Our class for the girls will be taught in March of 2013, and materials are on their way to Guatemala. Based on the girls' goals of operating a cooperative and the business potential, we have expanded the course.
Originally, we would be teaching them the basics of circuits and solar technology. Now we are adding transistors to the curriculum. Transistors are the basis of all electronic devices. Having this key knowledge, the girls would be able to create a variety of businesses to support themselves. Having this skill set will allow the girls the flexibility to respond to the needs of their community as it integrates with technology and their knowledge will give them a level of personal power to take care of their needs and their families.
In March, we also hope to talk with the girls about their school being the base for classes that we would teach to fellow nonprofits about solar, solar cooperatives and creating solar businesses. This would also give the girls a chance to work with others outside their community, building their people skills.
In the middle photo you will see our girls: Yolanda, Elisabeth, Selena, Reyna and Lorena.
Here are some photographs and a new video from our recent trip to Guatemala! These are some of the young women that are planning to learn solar and circuits from our course and from there, build their own solar cooperative, providing steady employment for them and income for their families.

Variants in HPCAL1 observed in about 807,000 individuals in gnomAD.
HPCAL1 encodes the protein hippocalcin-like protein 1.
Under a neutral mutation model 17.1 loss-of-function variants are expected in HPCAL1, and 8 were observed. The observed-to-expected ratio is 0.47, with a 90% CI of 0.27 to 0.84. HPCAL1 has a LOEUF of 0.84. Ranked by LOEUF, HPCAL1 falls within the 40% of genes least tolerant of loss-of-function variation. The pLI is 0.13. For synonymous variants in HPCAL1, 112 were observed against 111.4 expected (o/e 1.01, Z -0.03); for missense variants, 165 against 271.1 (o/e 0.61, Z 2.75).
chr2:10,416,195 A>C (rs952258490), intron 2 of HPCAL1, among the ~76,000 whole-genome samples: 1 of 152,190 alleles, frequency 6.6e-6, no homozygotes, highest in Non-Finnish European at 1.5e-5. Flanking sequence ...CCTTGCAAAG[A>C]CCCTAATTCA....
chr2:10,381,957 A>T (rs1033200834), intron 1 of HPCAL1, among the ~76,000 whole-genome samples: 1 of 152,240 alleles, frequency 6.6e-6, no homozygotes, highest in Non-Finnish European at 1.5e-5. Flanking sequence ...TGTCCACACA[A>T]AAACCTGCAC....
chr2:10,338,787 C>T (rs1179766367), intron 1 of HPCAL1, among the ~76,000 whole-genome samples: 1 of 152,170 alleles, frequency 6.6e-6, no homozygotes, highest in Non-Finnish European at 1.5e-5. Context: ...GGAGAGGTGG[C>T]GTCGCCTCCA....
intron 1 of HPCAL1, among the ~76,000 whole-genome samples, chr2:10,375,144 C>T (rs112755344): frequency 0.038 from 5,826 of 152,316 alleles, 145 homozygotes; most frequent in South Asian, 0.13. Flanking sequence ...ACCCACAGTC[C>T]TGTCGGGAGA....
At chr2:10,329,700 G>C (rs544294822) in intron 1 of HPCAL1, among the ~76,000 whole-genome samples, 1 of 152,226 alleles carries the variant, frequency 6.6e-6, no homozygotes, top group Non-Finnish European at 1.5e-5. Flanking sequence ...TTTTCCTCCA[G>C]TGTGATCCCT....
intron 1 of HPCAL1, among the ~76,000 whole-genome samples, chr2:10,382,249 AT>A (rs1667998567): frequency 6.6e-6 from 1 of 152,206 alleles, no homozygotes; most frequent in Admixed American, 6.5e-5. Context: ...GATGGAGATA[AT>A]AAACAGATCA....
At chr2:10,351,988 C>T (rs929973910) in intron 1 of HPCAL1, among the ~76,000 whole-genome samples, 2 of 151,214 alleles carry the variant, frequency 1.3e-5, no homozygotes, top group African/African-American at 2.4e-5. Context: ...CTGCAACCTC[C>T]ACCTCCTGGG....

I want to mention one particular point about the video. If you watch closely, you will see the girls smiling as they climb the ladder to the roof where our solar panels are installed. For all of them, this is the VERY FIRST time they have done this! Yet their dream is so compelling, that they are challenging themselves to broaden their experiences and learn new skills.
I hope the glimpse of our girls taking their first steps towards their dream of a solar cooperative inspires you to help us make it become real, to give them the skills they desire to fulfill their hopes and make their dreams come true.
We recently went to Guatemala to meet with our partners, mentors and prospective students in this project.
Our mentors are all female, to help our students overcome cultural shyness and get the most from the training. We have done our best to draw from the local culture, so that the women who mentor the girls are aware of cultural cues, language and have experience with solar. The girls are very modest young women, yet once we got them to the roof, their curiousity took hold and they examined the examined the solar array thoroughly. During our visit, our partner organization, Starfish, was filming the girls for a video promoting the class.
Currently, we are on schedule to teach the class in February in Guatemala. We are accepting volunteers to travel with us for this course. We have posted 2 links to photos of the girls on Flickr and will add more as time permits.
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